GL_LINE_STRIP

GL_QUADS

GL_TRIANGLES
void CPlotimDialog::OnPaint()
{
    CDialog::OnPaint();   			// Base class

    if (!m_pDoc) {
fMessageBox("Error - " __FUNCTION__, MB_ICONERROR, "Invalid document pointer");
       return;
    }

    HWND hWnd = GetSafeHwnd();
    HDC hDC = ::GetDC(hWnd);
    wglMakeCurrent(hDC, m_hGLContext);  	// Select as the rendering context

    CMyImage *image = &m_pDoc->m_image;
    int *p = (int *) image->GetBits();  	// Ptr to bitmap
    unsigned long nx = m_pDoc->GetImageCSize().cx;
    unsigned long ny = m_pDoc->GetImageCSize().cy;
    int r, r2, r3, r4, *q;
    unsigned long i, j;
    int min, max;
    GLfloat xscale, yscale, zscale;

    m_pDoc->GetImageMinMax(&min, &max);
    xscale = m_Scale/(GLfloat)nx;       	// Size may have changed
    zscale = m_Scale/(GLfloat)ny;
    yscale = m_Scale/((GLfloat)(max - min)*(GLfloat)2.); // Normalize

    if (m_New) {   // Begin with a nice rotated view
       glClearColor(m_Bkcolor, m_Bkcolor, m_Bkcolor, 0.0); // Set def. background
       glRotatef(m_xRotation, 0.0, 1.0, 0.0);  	// About y-axis
       glRotatef(m_yRotation, 1.0, 0.0, 0.0);  	// About x-axis
    }
    glClear(GL_COLOR_BUFFER_BIT | GL_DEPTH_BUFFER_BIT);
    glPolygonMode(GL_FRONT_AND_BACK, m_Fill);

    glPushMatrix();
    glEnable(GL_DEPTH_TEST); /* Enable hidden-surface-removal */

    glTranslatef(-((GLfloat)nx/(GLfloat)2.) * xscale,
                -((GLfloat)(max + min)/(GLfloat)2.) * yscale,
                 ((GLfloat)ny/(GLfloat)2.) * zscale);
    glScalef(xscale, yscale, zscale);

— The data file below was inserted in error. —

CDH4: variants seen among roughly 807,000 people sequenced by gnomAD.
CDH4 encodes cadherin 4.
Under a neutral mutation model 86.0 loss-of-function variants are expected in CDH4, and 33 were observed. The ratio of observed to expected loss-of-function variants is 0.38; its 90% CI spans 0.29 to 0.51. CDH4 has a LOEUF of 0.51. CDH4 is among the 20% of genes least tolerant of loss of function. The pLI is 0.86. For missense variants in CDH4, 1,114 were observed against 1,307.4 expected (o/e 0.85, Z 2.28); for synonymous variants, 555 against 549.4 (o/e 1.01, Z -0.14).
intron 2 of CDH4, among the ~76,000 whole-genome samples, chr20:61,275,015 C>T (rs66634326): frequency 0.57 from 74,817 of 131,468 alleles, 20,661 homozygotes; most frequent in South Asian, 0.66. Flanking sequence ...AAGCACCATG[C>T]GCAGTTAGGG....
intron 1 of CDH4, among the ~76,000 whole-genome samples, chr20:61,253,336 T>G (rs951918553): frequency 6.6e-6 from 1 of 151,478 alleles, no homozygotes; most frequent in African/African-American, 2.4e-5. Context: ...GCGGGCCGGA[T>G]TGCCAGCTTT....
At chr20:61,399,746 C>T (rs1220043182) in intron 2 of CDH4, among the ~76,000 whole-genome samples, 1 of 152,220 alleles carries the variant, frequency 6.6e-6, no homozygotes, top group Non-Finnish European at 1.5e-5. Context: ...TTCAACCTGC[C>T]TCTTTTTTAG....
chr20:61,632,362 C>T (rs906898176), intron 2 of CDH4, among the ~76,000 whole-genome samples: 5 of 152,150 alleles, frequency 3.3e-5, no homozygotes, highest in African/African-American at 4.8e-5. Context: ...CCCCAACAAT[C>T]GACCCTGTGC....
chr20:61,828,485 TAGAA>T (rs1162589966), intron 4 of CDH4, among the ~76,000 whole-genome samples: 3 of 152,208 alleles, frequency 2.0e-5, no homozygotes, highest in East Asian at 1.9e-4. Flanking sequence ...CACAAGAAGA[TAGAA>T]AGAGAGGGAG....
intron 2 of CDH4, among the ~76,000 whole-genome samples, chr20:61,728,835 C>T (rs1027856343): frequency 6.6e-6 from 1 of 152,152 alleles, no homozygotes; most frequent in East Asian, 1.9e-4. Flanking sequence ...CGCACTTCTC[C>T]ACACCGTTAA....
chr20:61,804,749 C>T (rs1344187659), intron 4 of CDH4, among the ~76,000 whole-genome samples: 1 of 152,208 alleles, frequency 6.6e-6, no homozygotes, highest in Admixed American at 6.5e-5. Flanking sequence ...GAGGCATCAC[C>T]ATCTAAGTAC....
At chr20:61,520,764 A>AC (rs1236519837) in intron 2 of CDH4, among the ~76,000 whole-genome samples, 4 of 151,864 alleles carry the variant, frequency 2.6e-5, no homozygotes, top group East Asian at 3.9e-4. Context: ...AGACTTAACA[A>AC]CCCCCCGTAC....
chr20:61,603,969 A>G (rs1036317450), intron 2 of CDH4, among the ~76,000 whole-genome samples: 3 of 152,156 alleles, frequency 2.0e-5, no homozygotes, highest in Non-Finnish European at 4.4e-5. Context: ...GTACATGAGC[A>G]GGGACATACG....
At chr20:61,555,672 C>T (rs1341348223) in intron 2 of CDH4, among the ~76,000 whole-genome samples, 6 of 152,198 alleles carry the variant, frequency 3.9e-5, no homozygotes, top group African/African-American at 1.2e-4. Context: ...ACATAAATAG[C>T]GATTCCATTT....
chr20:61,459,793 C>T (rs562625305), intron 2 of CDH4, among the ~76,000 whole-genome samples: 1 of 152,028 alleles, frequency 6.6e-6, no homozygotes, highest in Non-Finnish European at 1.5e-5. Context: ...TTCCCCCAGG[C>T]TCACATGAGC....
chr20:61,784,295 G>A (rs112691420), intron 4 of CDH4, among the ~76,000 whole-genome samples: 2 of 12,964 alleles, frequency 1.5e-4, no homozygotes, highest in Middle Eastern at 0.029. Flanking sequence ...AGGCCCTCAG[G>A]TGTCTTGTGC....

//(Add if needed) BeginWaitCursor();
    switch (m_DrawMode) {
       case GL_LINE_STRIP:
           for (j = 0; j < ny; j += m_Res) {
               p = (int *)image->GetPixelAddress(0, j); // Inc. addr. for m_Res
               glBegin(m_DrawMode);
              for (i = 0; i < nx; i += m_Res, p += m_Res) {
                  //r = NINT((RED(*p) + GRN(*p) + BLU(*p))/3.);
                  //(Not much diff.)
                  r = NINT(RED(*p)*0.299 + GRN(*p)*0.587 + BLU(*p)*0.114);
                  MapColor(p);
                  glVertex3i(i, r, -(signed)j);
               }
               glEnd();
           }
           break;
       case GL_QUADS:
           glBegin(m_DrawMode);
           for (j = 0; j < ny; j += m_Res) {
               p = (int *)image->GetPixelAddress(0, j);
               for (i = 0; i < nx; i += m_Res, p += m_Res) {
                  r = NINT(RED(*p)*0.299 + GRN(*p)*0.587 + BLU(*p)*0.114);
                  if (i + m_Res < nx) {
                      r2 = NINT(RED(*(p+m_Res))*0.299
                             + GRN(*(p+m_Res))*0.587
                             + BLU(*(p+m_Res))*0.114);
                  }
                  else break;

                  if (j + m_Res < ny) {
                      q = p + nx*m_Res;
                      r3 = NINT(RED(*q)*0.299
                             + GRN(*q)*0.587
                             + BLU(*q)*0.114);
                      r4 = NINT(RED(*(q+m_Res))*0.299
                             + GRN(*(q+m_Res))*0.587
                             + BLU(*(q+m_Res))*0.114);
                  }
                  else break;

                  MapColor(p);
                  glVertex3i(i, r, -(signed)j);
                  MapColor(p+m_Res);
                  glVertex3i(i + m_Res, r2, -(signed)j);
                  MapColor(q+m_Res);
                  glVertex3i(i + m_Res, r4, -(signed)(j + m_Res));
                  MapColor(q);
                  glVertex3i(i, r3, -(signed)(j + m_Res));
               }
           }
           glEnd();
           break;
       case GL_TRIANGLES:
           glBegin(m_DrawMode);